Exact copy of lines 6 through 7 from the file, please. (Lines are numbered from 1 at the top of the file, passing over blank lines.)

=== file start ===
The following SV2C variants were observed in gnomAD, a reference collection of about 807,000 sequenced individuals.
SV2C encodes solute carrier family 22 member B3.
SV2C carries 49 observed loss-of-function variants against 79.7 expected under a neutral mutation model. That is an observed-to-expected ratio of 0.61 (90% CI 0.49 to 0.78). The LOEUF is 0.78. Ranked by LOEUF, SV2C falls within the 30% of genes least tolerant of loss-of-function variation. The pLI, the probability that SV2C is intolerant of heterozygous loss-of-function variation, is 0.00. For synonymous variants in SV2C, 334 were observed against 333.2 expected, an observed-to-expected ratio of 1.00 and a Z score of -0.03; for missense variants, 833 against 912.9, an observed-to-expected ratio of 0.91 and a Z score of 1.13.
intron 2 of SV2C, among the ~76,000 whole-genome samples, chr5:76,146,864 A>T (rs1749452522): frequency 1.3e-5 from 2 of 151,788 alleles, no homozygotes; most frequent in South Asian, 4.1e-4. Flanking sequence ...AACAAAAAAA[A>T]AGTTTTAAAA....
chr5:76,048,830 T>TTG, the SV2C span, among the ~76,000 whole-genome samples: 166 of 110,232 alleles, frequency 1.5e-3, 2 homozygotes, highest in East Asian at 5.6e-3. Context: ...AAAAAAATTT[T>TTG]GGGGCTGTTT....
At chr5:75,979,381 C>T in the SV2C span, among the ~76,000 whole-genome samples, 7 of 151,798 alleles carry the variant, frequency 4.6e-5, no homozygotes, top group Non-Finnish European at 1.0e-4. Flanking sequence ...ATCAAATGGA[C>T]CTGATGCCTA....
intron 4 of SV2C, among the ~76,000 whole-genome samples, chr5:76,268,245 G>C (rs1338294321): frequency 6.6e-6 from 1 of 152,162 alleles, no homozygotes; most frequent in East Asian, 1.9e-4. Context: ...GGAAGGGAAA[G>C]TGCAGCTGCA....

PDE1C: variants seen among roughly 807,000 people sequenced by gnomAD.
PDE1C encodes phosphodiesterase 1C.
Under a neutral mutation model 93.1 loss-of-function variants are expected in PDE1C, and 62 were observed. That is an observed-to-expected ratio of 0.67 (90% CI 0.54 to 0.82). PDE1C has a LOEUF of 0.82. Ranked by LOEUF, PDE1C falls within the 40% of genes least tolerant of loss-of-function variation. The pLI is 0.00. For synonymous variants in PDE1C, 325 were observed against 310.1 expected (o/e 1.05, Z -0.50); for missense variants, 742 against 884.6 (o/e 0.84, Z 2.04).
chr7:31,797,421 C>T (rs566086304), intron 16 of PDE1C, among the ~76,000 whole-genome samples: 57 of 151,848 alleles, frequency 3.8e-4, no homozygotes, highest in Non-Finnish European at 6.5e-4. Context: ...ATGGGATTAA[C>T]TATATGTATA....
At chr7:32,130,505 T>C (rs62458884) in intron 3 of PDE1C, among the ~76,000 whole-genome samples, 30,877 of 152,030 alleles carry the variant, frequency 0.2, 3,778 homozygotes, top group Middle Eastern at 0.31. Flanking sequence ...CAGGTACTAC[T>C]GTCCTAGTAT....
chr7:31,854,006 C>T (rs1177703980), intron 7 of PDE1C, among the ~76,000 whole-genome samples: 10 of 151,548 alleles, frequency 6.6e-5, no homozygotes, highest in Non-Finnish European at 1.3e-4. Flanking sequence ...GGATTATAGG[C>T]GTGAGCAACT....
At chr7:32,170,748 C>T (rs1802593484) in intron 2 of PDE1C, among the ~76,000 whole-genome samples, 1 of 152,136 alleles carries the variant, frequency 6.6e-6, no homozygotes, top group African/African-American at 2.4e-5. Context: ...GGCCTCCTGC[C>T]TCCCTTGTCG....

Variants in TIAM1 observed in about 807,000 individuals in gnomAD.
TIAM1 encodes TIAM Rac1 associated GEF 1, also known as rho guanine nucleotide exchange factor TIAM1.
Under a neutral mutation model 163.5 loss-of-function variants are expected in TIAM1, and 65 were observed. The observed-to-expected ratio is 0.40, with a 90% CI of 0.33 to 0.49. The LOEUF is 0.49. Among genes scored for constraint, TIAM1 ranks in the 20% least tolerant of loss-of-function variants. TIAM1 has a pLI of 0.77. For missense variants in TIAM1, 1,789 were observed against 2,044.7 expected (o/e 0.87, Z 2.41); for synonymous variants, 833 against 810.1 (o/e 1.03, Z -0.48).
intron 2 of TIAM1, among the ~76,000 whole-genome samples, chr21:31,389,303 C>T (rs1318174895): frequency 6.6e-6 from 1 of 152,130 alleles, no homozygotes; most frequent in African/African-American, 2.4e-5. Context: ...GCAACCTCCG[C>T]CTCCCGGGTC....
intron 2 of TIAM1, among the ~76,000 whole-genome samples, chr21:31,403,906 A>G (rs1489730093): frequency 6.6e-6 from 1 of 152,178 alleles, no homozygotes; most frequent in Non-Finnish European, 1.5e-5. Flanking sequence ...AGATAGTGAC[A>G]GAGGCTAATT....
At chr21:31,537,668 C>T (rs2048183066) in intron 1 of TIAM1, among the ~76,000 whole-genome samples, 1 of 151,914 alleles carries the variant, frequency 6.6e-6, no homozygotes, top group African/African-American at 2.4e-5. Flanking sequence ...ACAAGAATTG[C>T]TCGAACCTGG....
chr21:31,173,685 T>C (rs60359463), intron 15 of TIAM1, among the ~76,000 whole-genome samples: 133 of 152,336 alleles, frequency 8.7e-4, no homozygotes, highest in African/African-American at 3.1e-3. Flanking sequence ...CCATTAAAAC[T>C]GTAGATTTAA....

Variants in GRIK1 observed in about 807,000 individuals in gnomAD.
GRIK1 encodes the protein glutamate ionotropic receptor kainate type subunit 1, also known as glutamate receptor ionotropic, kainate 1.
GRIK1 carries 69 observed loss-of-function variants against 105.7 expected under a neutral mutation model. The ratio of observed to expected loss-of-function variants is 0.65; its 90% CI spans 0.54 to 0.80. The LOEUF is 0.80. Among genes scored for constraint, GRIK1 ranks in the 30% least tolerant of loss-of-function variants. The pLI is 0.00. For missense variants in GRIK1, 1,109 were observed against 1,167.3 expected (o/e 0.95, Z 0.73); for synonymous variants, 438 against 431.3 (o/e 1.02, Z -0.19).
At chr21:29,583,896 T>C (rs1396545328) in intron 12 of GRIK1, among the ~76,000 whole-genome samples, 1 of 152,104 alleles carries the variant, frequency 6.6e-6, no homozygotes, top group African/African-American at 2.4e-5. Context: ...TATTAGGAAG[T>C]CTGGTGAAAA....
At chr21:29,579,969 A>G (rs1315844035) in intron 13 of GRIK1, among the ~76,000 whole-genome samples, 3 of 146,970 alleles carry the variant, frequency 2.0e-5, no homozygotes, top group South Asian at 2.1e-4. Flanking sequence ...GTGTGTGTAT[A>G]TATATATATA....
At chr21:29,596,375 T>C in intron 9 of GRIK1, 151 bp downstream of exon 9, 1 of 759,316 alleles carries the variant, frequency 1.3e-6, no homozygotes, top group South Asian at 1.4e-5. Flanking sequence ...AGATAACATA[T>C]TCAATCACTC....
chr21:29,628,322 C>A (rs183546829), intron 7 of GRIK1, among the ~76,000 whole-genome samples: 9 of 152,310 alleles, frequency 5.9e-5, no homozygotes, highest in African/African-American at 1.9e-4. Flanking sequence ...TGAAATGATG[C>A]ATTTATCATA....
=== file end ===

At chr5:75,979,381 C>T in the SV2C span, among the ~76,000 whole-genome samples, 7 of 151,798 alleles carry the variant, frequency 4.6e-5, no homozygotes, top group Non-Finnish European at 1.0e-4. Flanking sequence ...ATCAAATGGA[C>T]CTGATGCCTA....
intron 4 of SV2C, among the ~76,000 whole-genome samples, chr5:76,268,245 G>C (rs1338294321): frequency 6.6e-6 from 1 of 152,162 alleles, no homozygotes; most frequent in East Asian, 1.9e-4. Context: ...GGAAGGGAAA[G>C]TGCAGCTGCA....